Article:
A good, but disturbing, rule of thumb is that for each complaint you get about AI, assume there are at least five and maybe 20 other customers with the same bad experience.

Cost savings are immediate while revenue and reputational damage take time to emerge

Reputational damage, including word of mouth and regulatory issues, will emerge over time and only measurement is in place to detect it.
Many companies implement Offshoring and AI initiatives without the requisite quality measurement and supervision, resulting in unnaturally large (false) savings.

  • Across all industries, at least one out of five, twenty percent, of customers encountering a bad experience – will be lost. For a customer worth $1,000 in gross margin, the $20 saved by offshoring is offset five calls that go wrong will be offset by the $200 lost gross margin for one of five customers lost (20% of customers lost X 5 with bad experience X $200 gross margin for $1,000 customer = $200 lost – double the savings of offshoring). Offshore service units seldom have less than 5% of calls with a bad experience so you can do the math. If you handle 20,000 calls per month, that means at least 1,000 customers have a bad experience and you’re losing the revenue of 200 customers per month to achieve your cost savings. Is it worth it??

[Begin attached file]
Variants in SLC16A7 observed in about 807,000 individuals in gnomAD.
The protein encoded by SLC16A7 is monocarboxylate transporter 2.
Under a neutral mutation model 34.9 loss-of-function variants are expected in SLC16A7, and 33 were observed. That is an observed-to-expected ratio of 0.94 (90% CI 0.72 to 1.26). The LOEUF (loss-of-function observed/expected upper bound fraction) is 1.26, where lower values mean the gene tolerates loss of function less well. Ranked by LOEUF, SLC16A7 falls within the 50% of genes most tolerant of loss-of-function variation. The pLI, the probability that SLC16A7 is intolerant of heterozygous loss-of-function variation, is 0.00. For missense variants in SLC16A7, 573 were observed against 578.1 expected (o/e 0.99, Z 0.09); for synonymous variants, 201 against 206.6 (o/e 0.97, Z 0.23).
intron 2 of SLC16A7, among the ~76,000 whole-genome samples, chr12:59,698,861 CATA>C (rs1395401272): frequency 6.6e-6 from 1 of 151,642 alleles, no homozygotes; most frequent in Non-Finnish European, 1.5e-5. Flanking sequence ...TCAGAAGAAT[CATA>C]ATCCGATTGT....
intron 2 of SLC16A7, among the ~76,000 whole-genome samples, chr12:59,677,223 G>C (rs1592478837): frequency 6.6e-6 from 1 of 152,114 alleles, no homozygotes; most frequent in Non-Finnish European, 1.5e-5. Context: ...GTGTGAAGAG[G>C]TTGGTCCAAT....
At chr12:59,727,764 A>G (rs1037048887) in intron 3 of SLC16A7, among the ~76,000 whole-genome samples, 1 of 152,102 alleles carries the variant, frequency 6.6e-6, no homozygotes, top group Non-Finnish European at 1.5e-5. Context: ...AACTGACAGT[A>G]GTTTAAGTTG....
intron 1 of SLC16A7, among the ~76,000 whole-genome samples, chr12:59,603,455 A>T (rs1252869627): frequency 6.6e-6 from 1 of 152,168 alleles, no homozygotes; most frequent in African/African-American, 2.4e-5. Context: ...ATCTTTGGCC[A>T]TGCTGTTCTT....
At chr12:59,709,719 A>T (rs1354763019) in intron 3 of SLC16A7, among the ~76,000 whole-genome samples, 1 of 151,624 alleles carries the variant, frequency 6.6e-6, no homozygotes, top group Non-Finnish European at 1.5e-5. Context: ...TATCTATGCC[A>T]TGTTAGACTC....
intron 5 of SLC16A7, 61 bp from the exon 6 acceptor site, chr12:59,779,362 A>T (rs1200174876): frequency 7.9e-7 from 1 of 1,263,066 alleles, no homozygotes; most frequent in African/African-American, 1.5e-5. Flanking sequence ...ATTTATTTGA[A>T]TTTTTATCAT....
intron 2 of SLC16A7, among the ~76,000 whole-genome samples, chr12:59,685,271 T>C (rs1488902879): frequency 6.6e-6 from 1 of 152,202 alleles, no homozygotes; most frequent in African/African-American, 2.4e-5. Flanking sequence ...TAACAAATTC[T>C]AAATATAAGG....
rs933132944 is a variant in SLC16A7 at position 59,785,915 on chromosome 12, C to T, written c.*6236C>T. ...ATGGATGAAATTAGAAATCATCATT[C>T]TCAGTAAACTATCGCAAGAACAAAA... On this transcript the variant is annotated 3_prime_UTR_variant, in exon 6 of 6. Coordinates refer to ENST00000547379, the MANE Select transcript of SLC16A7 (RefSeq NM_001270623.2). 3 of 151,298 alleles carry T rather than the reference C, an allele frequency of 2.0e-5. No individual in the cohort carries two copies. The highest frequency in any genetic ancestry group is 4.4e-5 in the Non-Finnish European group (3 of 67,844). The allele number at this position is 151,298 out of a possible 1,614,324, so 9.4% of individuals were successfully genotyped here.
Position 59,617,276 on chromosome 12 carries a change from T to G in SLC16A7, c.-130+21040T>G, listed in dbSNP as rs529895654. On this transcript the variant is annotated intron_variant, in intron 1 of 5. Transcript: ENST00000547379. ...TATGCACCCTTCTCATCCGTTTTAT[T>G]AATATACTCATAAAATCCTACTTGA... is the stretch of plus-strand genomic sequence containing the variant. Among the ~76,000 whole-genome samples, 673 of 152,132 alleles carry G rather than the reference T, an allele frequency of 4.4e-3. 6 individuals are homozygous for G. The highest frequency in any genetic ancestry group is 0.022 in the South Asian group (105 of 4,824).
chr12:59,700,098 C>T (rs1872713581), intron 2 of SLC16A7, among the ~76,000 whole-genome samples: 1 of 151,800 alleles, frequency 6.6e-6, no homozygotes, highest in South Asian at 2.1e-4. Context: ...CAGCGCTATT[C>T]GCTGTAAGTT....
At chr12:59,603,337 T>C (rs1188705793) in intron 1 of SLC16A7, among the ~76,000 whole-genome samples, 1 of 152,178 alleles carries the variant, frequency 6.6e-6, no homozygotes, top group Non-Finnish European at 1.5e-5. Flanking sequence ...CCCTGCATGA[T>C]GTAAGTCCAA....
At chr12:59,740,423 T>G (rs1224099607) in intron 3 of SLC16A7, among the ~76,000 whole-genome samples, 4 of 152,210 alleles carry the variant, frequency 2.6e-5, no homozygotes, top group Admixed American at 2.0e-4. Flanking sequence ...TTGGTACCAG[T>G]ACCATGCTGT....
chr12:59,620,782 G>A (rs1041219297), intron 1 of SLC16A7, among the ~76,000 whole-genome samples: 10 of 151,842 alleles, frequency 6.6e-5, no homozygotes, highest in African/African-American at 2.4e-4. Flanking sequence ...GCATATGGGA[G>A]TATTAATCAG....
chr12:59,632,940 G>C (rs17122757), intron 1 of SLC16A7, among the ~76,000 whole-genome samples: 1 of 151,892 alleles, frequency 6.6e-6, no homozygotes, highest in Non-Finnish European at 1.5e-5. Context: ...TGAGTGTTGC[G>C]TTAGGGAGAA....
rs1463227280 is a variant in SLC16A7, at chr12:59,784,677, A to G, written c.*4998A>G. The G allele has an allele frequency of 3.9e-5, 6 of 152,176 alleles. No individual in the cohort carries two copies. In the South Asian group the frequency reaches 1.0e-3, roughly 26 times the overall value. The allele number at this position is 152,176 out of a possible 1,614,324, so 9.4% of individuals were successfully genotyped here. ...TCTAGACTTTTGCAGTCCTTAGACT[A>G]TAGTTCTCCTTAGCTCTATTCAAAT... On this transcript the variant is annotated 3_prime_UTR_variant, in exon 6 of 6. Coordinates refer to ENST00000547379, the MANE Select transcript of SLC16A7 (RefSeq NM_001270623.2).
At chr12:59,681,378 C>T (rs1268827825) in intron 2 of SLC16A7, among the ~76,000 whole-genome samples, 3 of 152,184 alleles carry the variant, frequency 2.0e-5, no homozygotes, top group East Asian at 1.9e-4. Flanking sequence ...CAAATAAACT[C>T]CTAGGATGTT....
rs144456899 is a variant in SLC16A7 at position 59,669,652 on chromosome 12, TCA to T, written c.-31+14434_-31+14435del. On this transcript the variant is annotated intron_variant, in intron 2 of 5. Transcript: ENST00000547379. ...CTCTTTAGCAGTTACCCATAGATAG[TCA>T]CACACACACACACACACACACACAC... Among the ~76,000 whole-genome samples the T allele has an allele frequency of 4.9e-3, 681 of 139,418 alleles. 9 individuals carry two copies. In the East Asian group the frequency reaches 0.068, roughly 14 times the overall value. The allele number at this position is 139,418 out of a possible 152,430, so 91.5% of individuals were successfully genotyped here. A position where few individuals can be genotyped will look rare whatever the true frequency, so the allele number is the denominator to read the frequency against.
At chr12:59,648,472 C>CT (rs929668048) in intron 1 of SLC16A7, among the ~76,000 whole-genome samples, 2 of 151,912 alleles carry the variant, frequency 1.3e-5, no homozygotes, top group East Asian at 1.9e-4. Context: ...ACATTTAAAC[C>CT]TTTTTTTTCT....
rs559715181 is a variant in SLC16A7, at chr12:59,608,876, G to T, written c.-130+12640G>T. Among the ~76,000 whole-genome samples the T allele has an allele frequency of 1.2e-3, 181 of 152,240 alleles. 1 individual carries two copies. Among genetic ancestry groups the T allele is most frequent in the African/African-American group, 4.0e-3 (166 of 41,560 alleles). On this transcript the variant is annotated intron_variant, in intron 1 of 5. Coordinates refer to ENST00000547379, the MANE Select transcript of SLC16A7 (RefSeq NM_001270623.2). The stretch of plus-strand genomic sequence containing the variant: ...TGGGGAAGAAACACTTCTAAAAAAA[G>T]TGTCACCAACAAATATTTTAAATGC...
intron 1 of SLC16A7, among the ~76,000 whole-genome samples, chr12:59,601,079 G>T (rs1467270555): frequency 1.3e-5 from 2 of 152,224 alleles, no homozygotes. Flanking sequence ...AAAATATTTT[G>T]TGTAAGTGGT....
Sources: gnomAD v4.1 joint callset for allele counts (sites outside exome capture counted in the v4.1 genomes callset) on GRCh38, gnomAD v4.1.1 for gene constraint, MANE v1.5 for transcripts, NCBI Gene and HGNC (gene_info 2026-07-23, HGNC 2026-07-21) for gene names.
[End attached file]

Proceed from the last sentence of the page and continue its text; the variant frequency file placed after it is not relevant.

• In the above example, the actual ROI is often -200% – that is minus 200%! You save $100 in cost and lose $200 in gross margin. And that does NOT count the negative word of mouth that the experience produces. AI-driven chat systems with a broad front-end invitation, e.g., “How can we help you?”, achieve a maximum of 93% satisfactory response with 7% failures. This can only be rescued and tolerated with a robust failure recognition process that quickly escalates to a human.